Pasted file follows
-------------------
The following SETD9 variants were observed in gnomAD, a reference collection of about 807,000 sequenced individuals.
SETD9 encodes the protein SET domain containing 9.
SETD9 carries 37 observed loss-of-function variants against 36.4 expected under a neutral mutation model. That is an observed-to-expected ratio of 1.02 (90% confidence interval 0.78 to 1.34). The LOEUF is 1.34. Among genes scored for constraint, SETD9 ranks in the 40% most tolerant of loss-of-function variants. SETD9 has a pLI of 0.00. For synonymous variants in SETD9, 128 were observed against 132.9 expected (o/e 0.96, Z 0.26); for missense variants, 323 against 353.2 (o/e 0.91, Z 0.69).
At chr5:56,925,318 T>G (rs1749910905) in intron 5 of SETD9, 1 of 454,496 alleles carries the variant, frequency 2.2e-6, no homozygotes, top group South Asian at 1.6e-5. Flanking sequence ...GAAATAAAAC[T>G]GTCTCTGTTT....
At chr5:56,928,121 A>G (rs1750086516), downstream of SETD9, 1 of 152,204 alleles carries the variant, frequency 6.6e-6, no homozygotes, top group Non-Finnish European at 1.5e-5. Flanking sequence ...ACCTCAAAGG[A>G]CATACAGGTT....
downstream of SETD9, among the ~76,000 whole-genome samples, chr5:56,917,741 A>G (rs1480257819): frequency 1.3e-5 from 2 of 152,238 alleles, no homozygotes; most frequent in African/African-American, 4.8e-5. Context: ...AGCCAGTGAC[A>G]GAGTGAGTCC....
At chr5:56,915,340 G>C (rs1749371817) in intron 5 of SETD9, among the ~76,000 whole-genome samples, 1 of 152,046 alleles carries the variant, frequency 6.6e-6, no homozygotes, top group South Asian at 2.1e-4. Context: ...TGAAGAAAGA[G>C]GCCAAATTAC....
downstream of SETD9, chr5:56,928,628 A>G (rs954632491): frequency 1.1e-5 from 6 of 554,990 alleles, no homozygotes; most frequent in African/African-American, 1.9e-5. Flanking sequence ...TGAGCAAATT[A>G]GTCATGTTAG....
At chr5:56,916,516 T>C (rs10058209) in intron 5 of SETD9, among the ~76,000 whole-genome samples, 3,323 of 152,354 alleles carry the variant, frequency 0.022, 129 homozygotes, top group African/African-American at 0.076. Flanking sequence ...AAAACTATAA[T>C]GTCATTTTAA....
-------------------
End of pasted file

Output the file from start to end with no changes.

The following SETD9 variants were observed in gnomAD, a reference collection of about 807,000 sequenced individuals.
SETD9 encodes the protein SET domain containing 9.
SETD9 carries 37 observed loss-of-function variants against 36.4 expected under a neutral mutation model. That is an observed-to-expected ratio of 1.02 (90% confidence interval 0.78 to 1.34). The LOEUF is 1.34. Among genes scored for constraint, SETD9 ranks in the 40% most tolerant of loss-of-function variants. SETD9 has a pLI of 0.00. For synonymous variants in SETD9, 128 were observed against 132.9 expected (o/e 0.96, Z 0.26); for missense variants, 323 against 353.2 (o/e 0.91, Z 0.69).
At chr5:56,925,318 T>G (rs1749910905) in intron 5 of SETD9, 1 of 454,496 alleles carries the variant, frequency 2.2e-6, no homozygotes, top group South Asian at 1.6e-5. Flanking sequence ...GAAATAAAAC[T>G]GTCTCTGTTT....
At chr5:56,928,121 A>G (rs1750086516), downstream of SETD9, 1 of 152,204 alleles carries the variant, frequency 6.6e-6, no homozygotes, top group Non-Finnish European at 1.5e-5. Flanking sequence ...ACCTCAAAGG[A>G]CATACAGGTT....
downstream of SETD9, among the ~76,000 whole-genome samples, chr5:56,917,741 A>G (rs1480257819): frequency 1.3e-5 from 2 of 152,238 alleles, no homozygotes; most frequent in African/African-American, 4.8e-5. Context: ...AGCCAGTGAC[A>G]GAGTGAGTCC....
At chr5:56,915,340 G>C (rs1749371817) in intron 5 of SETD9, among the ~76,000 whole-genome samples, 1 of 152,046 alleles carries the variant, frequency 6.6e-6, no homozygotes, top group South Asian at 2.1e-4. Context: ...TGAAGAAAGA[G>C]GCCAAATTAC....
downstream of SETD9, chr5:56,928,628 A>G (rs954632491): frequency 1.1e-5 from 6 of 554,990 alleles, no homozygotes; most frequent in African/African-American, 1.9e-5. Flanking sequence ...TGAGCAAATT[A>G]GTCATGTTAG....
At chr5:56,916,516 T>C (rs10058209) in intron 5 of SETD9, among the ~76,000 whole-genome samples, 3,323 of 152,354 alleles carry the variant, frequency 0.022, 129 homozygotes, top group African/African-American at 0.076. Flanking sequence ...AAAACTATAA[T>C]GTCATTTTAA....